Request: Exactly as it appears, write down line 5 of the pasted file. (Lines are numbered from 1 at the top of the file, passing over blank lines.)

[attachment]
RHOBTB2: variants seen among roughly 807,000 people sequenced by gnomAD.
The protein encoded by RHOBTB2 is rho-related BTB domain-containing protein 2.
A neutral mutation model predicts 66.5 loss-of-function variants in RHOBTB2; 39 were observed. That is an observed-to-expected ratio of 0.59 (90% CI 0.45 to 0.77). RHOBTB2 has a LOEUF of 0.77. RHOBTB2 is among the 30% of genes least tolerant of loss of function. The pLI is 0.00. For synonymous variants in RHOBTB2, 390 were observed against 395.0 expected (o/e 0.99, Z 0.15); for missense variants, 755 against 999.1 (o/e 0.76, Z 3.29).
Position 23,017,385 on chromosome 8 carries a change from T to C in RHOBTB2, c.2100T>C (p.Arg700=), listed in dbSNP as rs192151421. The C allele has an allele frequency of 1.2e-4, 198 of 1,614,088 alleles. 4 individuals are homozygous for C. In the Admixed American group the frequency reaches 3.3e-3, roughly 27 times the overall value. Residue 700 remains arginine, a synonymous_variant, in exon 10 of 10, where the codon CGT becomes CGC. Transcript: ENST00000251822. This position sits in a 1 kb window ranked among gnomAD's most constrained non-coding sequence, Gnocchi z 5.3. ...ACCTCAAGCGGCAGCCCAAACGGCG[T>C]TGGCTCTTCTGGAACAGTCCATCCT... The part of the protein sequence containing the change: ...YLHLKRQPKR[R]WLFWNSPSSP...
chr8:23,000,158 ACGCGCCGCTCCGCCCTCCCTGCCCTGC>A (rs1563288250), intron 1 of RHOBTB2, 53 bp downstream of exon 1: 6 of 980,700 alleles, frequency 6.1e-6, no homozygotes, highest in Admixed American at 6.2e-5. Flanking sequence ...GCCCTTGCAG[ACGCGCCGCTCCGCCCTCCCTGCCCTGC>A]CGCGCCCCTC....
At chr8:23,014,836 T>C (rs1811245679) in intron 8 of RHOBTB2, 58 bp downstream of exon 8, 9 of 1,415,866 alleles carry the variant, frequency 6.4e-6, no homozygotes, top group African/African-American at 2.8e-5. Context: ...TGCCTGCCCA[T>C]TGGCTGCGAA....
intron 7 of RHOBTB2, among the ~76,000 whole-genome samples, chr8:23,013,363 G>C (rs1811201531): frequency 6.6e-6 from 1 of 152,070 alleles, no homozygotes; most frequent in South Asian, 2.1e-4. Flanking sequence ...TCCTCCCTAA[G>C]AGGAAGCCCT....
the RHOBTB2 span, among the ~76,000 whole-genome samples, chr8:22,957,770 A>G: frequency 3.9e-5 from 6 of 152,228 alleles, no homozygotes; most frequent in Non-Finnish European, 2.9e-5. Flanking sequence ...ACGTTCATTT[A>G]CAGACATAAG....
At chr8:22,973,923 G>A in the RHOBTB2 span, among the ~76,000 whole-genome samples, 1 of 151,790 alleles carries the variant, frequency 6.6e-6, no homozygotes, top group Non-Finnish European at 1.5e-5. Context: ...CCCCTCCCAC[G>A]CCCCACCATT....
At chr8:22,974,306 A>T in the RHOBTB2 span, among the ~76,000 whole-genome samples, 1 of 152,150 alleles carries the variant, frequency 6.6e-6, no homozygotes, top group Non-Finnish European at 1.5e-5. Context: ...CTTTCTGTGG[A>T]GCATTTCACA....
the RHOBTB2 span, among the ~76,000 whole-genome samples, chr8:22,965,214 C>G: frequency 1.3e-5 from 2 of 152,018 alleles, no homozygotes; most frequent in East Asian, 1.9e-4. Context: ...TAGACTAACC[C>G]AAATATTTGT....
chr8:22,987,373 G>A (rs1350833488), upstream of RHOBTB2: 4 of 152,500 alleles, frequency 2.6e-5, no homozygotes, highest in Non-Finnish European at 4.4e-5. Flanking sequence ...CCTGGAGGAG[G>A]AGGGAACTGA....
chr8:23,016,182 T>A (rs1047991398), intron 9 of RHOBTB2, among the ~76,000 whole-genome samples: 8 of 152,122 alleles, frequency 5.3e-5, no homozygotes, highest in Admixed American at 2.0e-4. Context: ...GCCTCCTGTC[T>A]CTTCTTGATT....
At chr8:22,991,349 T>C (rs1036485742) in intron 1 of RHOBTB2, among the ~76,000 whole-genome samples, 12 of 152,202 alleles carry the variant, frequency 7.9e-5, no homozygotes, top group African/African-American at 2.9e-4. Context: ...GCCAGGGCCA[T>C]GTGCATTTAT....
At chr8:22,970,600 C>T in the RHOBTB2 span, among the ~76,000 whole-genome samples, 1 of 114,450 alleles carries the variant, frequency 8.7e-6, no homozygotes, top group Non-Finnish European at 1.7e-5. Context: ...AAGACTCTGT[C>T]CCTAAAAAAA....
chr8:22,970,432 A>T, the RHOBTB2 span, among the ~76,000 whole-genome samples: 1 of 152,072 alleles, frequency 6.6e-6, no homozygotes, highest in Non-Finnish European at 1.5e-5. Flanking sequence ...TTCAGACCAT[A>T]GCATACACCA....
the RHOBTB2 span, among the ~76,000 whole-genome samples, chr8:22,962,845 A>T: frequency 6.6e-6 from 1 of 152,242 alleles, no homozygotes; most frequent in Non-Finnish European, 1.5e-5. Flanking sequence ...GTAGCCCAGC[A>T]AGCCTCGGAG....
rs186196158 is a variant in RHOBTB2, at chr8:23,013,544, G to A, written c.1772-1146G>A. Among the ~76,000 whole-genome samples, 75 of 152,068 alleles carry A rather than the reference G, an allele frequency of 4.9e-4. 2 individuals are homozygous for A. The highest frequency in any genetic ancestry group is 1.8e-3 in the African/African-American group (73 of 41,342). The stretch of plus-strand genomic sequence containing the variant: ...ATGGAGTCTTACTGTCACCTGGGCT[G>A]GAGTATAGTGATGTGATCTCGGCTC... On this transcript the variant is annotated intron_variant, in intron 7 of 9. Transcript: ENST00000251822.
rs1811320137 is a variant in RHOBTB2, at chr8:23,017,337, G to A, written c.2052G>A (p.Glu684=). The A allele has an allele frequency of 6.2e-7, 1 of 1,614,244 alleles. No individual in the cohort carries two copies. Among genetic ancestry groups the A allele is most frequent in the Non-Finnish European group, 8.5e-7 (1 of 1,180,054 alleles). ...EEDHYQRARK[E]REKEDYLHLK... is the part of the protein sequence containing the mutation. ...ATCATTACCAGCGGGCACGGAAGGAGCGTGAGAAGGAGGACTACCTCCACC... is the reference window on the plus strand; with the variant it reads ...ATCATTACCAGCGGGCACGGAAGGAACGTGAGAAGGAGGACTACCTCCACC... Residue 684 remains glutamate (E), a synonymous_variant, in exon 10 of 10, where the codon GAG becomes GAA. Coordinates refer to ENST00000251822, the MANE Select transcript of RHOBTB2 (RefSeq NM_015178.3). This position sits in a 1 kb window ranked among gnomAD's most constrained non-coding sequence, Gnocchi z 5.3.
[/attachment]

chr8:23,000,158 ACGCGCCGCTCCGCCCTCCCTGCCCTGC>A (rs1563288250), intron 1 of RHOBTB2, 53 bp downstream of exon 1: 6 of 980,700 alleles, frequency 6.1e-6, no homozygotes, highest in Admixed American at 6.2e-5. Flanking sequence ...GCCCTTGCAG[ACGCGCCGCTCCGCCCTCCCTGCCCTGC>A]CGCGCCCCTC....